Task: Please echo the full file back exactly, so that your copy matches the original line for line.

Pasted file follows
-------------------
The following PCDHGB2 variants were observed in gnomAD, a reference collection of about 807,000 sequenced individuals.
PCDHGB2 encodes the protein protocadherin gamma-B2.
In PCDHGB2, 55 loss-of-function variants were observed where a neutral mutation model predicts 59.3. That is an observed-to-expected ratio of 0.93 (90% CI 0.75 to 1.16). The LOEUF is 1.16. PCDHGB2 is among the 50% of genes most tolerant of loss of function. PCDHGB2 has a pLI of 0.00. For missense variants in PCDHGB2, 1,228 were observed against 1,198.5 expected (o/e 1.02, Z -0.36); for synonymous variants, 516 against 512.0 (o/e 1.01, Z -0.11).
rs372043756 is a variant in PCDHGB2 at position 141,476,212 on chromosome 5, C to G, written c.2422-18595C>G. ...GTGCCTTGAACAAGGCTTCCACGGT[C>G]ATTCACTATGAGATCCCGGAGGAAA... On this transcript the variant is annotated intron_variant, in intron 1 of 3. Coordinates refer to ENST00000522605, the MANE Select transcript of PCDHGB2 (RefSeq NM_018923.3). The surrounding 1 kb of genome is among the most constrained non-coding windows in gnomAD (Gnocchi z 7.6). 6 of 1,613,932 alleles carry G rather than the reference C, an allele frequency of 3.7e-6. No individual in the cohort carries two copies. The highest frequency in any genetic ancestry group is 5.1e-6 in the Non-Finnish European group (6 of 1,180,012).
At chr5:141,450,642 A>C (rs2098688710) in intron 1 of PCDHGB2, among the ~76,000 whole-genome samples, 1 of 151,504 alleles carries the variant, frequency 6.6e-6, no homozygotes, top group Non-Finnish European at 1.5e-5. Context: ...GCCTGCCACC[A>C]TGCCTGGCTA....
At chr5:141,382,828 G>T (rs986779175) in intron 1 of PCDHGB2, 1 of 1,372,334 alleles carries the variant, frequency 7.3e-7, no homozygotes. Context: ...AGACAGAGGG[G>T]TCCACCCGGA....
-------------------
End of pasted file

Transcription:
The following PCDHGB2 variants were observed in gnomAD, a reference collection of about 807,000 sequenced individuals.
PCDHGB2 encodes the protein protocadherin gamma-B2.
In PCDHGB2, 55 loss-of-function variants were observed where a neutral mutation model predicts 59.3. That is an observed-to-expected ratio of 0.93 (90% CI 0.75 to 1.16). The LOEUF is 1.16. PCDHGB2 is among the 50% of genes most tolerant of loss of function. PCDHGB2 has a pLI of 0.00. For missense variants in PCDHGB2, 1,228 were observed against 1,198.5 expected (o/e 1.02, Z -0.36); for synonymous variants, 516 against 512.0 (o/e 1.01, Z -0.11).
rs372043756 is a variant in PCDHGB2 at position 141,476,212 on chromosome 5, C to G, written c.2422-18595C>G. ...GTGCCTTGAACAAGGCTTCCACGGT[C>G]ATTCACTATGAGATCCCGGAGGAAA... On this transcript the variant is annotated intron_variant, in intron 1 of 3. Coordinates refer to ENST00000522605, the MANE Select transcript of PCDHGB2 (RefSeq NM_018923.3). The surrounding 1 kb of genome is among the most constrained non-coding windows in gnomAD (Gnocchi z 7.6). 6 of 1,613,932 alleles carry G rather than the reference C, an allele frequency of 3.7e-6. No individual in the cohort carries two copies. The highest frequency in any genetic ancestry group is 5.1e-6 in the Non-Finnish European group (6 of 1,180,012).
At chr5:141,450,642 A>C (rs2098688710) in intron 1 of PCDHGB2, among the ~76,000 whole-genome samples, 1 of 151,504 alleles carries the variant, frequency 6.6e-6, no homozygotes, top group Non-Finnish European at 1.5e-5. Context: ...GCCTGCCACC[A>C]TGCCTGGCTA....
At chr5:141,382,828 G>T (rs986779175) in intron 1 of PCDHGB2, 1 of 1,372,334 alleles carries the variant, frequency 7.3e-7, no homozygotes. Context: ...AGACAGAGGG[G>T]TCCACCCGGA....